P = 4 yn m + 2 yn 8y2 =T + n 3m 3T (2)

Geometric elements of a combined (circular bed trapezoidal) section can be defined as follows

= cot 1 m ;

sin = 1 1 + m 2 ;

cos = m

1+ m2

y = h1 + h2 = r (1 cos ) +
T = 2r sin + 2h2 m m T r = y 1 + m2 m 2m
T m y h1 = 2m 1+ m2
h2 = 2y T 1+ m2 m 2 1+ m2

(T 2r sin )
2m

( 1+ m

)
) ( )
2

T 2m y T2 T 2 r2 A = A1 + A2 = 1 m cot 1 m = m 1 m cot 1 m 2 4m m 4m 1+ m m

P = 2 r + 2 h2 1 + m 2 = = T m
2

T m

(1 + m ) 2r (1 m cot m
2

(1 + m ) 2(1 m cot

T 2m y m 2 1+ m m

where, A = flow area of channel section (m2); A1 = area of circular portion (m2); A2 = area of trapezoidal portion (m2); y = depth of flow (m); h1 = depth of circular part (m); h2 = depth of trapezoidal part (m); r = radius of bed section or circular part (m); T = top width of channel (m); m = side slope of channel (H:V) at water surface; and = side slope angle.

5 Table 1. Geometrical Properties of Canal Sections Section Shape Triangular Rectangular Trapezoidal Circular Parabolic Flow Perimeter P Area of Flow A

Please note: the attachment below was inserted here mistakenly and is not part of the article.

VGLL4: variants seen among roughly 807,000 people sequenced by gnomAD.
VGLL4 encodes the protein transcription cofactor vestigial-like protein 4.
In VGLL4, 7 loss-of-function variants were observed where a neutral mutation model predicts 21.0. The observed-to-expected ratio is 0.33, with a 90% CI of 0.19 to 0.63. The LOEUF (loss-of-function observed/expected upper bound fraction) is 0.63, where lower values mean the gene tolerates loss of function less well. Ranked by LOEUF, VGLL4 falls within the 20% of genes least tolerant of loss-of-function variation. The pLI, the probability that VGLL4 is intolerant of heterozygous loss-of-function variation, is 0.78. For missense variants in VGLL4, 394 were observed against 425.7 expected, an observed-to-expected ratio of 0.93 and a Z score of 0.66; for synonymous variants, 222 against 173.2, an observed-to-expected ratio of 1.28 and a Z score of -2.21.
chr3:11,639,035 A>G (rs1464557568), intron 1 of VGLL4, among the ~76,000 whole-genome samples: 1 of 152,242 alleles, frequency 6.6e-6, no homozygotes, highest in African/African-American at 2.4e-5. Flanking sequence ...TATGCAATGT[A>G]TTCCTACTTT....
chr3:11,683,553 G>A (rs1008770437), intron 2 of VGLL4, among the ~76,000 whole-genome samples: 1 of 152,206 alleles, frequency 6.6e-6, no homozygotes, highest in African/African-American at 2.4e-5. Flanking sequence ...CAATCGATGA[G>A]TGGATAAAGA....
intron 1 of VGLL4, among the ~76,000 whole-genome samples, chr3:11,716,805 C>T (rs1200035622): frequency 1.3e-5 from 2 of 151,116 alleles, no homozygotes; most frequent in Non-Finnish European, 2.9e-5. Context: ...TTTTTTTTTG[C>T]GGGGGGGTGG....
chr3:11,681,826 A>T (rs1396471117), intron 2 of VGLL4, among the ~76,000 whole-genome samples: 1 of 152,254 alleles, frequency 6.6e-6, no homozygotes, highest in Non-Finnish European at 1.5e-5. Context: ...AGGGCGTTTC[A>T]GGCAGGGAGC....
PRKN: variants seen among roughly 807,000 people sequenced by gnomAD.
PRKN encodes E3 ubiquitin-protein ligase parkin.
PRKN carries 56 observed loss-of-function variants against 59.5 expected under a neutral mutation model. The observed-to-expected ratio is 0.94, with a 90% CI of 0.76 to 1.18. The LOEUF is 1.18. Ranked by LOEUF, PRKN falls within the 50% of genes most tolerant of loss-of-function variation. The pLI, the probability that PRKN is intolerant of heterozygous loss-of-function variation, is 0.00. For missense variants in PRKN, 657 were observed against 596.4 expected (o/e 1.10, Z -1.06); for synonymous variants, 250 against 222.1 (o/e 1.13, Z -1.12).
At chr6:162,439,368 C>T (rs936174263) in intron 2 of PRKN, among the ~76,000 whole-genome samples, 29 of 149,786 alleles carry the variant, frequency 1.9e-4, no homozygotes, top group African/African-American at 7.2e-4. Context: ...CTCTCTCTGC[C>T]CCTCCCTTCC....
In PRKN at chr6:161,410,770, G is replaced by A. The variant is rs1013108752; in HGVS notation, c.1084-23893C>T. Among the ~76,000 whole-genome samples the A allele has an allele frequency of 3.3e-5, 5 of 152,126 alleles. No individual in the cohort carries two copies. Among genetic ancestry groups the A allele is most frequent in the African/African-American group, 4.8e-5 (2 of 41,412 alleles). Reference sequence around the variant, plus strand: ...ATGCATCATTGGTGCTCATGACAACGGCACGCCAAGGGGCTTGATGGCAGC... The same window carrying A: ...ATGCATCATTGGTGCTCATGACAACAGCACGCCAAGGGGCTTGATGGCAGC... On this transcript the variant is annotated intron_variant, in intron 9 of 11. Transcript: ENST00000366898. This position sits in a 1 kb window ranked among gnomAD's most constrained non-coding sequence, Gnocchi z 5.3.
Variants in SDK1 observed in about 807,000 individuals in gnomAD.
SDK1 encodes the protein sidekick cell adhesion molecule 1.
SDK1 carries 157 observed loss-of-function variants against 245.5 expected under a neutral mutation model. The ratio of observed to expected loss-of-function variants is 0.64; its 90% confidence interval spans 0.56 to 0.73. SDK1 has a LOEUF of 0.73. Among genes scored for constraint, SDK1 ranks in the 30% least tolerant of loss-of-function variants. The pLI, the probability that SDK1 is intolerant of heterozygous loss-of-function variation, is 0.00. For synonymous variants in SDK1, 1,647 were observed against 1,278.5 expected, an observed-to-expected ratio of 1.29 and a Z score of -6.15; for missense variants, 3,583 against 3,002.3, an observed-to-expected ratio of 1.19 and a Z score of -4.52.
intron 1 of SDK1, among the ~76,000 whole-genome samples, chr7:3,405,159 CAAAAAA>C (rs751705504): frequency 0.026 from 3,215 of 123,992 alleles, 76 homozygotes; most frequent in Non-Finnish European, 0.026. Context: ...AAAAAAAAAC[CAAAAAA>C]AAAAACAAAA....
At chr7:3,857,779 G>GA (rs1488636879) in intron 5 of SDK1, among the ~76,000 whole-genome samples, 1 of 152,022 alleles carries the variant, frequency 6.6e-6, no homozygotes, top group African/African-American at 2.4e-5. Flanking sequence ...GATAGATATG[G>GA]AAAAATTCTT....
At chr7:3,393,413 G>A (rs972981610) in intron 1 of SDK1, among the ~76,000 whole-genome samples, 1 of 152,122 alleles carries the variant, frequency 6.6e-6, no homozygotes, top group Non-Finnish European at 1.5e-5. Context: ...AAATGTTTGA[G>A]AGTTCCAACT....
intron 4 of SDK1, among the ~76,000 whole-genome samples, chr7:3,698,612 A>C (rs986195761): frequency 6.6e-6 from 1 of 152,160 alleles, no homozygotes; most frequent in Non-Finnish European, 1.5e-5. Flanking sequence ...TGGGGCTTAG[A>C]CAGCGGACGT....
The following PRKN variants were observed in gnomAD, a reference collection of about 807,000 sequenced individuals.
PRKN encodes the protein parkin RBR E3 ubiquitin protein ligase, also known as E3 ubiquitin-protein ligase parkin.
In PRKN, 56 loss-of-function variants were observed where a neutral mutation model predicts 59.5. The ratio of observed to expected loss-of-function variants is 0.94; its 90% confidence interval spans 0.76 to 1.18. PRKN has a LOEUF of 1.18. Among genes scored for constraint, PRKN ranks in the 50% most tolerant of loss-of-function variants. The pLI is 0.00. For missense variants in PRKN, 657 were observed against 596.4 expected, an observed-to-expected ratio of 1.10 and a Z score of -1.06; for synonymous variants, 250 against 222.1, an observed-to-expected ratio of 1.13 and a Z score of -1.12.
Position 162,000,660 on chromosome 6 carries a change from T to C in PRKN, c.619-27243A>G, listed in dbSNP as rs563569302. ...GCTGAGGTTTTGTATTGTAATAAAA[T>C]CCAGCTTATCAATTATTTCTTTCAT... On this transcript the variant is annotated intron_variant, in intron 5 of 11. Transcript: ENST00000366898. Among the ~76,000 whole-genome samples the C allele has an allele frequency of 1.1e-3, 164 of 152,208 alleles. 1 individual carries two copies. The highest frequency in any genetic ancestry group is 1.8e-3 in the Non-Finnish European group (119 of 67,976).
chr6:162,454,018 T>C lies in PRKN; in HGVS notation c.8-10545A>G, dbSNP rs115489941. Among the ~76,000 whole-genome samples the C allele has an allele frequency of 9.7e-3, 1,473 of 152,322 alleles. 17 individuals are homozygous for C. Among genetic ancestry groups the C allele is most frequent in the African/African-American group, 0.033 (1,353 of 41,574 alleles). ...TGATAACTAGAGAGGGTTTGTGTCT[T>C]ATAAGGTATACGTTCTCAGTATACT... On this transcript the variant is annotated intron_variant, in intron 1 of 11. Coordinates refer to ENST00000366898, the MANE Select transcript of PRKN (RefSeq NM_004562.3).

2 my n

2 yn 1 + m 2
b + 2 yn

by n

b + 2 yn 1 + m 2
r
1 1 1 1 2 yn m 2 1 + 2 + ln + 1 + 2 m m m m
2 y ( + cot )

(b + my n ) y n
0.5r 2 ( sin )

8 2 myn 3
y 2 ( + cot ) by + y 2 ( + cot )

Rounded Bottom Triangular Rounded Corner Trapezoidal

b + 2 y ( + cot )

Rigid boundary canals


Rigid boundary canals are designed for uniform flow considering hydraulic efficiency, practicability, and economy. A maximum hydraulic radius results in a section of minimum excavation area and best hydraulic design. When an open channel is constructed, the excavation and the lining constitute major cost. Obviously it is desirable to keep these costs at a minimum by adopting the most economical canal cross section.
Flow Requirements

A rigid boundary is designed to convey the required discharge under uniform flow conditions. The most commonly used uniform flow formula is the Manning equation. Mannings equation, as an equality constraint function, will be used to provide uniform flow condition in the canal. The uniform flow rate or discharge Q (m3/s) in a canal by Mannings equation is
Q = AV = 1 1 1/ 2 AR 2 / 3 S f = n n A A P
2/3

Sf

1/ 2

1 n

A A P

2/3

S0

1/ 2